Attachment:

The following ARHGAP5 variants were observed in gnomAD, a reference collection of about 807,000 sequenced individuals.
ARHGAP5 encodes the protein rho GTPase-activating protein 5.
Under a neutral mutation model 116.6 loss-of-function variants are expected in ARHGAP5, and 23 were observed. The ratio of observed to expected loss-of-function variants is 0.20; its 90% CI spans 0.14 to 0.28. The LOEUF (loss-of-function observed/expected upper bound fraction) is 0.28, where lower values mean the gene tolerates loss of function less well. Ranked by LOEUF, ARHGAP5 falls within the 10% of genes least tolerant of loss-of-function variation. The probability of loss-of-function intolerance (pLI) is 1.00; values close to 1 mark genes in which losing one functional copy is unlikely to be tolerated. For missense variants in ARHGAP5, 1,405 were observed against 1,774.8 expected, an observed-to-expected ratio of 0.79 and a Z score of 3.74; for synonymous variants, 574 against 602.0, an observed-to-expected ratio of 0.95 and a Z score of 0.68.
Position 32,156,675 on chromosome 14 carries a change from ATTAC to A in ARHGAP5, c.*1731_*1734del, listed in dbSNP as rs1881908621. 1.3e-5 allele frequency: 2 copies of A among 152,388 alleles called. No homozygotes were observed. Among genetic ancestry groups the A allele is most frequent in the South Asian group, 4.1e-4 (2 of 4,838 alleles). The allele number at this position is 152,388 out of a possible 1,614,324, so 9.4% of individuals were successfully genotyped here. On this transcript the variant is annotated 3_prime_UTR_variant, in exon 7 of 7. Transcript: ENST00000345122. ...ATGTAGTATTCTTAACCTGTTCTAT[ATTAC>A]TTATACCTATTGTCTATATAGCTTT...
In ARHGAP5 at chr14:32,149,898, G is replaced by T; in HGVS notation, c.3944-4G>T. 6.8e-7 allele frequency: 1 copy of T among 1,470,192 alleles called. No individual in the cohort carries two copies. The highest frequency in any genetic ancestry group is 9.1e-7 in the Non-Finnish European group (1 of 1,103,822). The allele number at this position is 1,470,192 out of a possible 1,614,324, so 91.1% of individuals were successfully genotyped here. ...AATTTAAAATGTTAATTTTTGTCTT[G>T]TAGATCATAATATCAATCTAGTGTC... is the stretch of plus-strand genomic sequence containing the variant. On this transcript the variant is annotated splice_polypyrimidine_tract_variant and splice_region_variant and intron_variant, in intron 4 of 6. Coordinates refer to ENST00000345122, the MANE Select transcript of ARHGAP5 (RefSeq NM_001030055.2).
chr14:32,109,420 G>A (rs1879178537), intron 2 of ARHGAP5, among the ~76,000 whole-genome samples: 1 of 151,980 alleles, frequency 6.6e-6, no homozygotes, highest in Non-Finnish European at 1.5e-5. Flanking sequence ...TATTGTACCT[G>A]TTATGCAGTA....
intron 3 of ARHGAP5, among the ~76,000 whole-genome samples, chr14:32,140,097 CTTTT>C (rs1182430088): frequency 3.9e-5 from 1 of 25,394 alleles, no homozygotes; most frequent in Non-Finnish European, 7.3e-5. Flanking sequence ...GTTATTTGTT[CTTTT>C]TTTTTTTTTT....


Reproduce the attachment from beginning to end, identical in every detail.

The following ARHGAP5 variants were observed in gnomAD, a reference collection of about 807,000 sequenced individuals.
ARHGAP5 encodes the protein rho GTPase-activating protein 5.
Under a neutral mutation model 116.6 loss-of-function variants are expected in ARHGAP5, and 23 were observed. The ratio of observed to expected loss-of-function variants is 0.20; its 90% CI spans 0.14 to 0.28. The LOEUF (loss-of-function observed/expected upper bound fraction) is 0.28, where lower values mean the gene tolerates loss of function less well. Ranked by LOEUF, ARHGAP5 falls within the 10% of genes least tolerant of loss-of-function variation. The probability of loss-of-function intolerance (pLI) is 1.00; values close to 1 mark genes in which losing one functional copy is unlikely to be tolerated. For missense variants in ARHGAP5, 1,405 were observed against 1,774.8 expected, an observed-to-expected ratio of 0.79 and a Z score of 3.74; for synonymous variants, 574 against 602.0, an observed-to-expected ratio of 0.95 and a Z score of 0.68.
Position 32,156,675 on chromosome 14 carries a change from ATTAC to A in ARHGAP5, c.*1731_*1734del, listed in dbSNP as rs1881908621. 1.3e-5 allele frequency: 2 copies of A among 152,388 alleles called. No homozygotes were observed. Among genetic ancestry groups the A allele is most frequent in the South Asian group, 4.1e-4 (2 of 4,838 alleles). The allele number at this position is 152,388 out of a possible 1,614,324, so 9.4% of individuals were successfully genotyped here. On this transcript the variant is annotated 3_prime_UTR_variant, in exon 7 of 7. Transcript: ENST00000345122. ...ATGTAGTATTCTTAACCTGTTCTAT[ATTAC>A]TTATACCTATTGTCTATATAGCTTT...
In ARHGAP5 at chr14:32,149,898, G is replaced by T; in HGVS notation, c.3944-4G>T. 6.8e-7 allele frequency: 1 copy of T among 1,470,192 alleles called. No individual in the cohort carries two copies. The highest frequency in any genetic ancestry group is 9.1e-7 in the Non-Finnish European group (1 of 1,103,822). The allele number at this position is 1,470,192 out of a possible 1,614,324, so 91.1% of individuals were successfully genotyped here. ...AATTTAAAATGTTAATTTTTGTCTT[G>T]TAGATCATAATATCAATCTAGTGTC... is the stretch of plus-strand genomic sequence containing the variant. On this transcript the variant is annotated splice_polypyrimidine_tract_variant and splice_region_variant and intron_variant, in intron 4 of 6. Coordinates refer to ENST00000345122, the MANE Select transcript of ARHGAP5 (RefSeq NM_001030055.2).
chr14:32,109,420 G>A (rs1879178537), intron 2 of ARHGAP5, among the ~76,000 whole-genome samples: 1 of 151,980 alleles, frequency 6.6e-6, no homozygotes, highest in Non-Finnish European at 1.5e-5. Flanking sequence ...TATTGTACCT[G>A]TTATGCAGTA....
intron 3 of ARHGAP5, among the ~76,000 whole-genome samples, chr14:32,140,097 CTTTT>C (rs1182430088): frequency 3.9e-5 from 1 of 25,394 alleles, no homozygotes; most frequent in Non-Finnish European, 7.3e-5. Flanking sequence ...GTTATTTGTT[CTTTT>C]TTTTTTTTTT....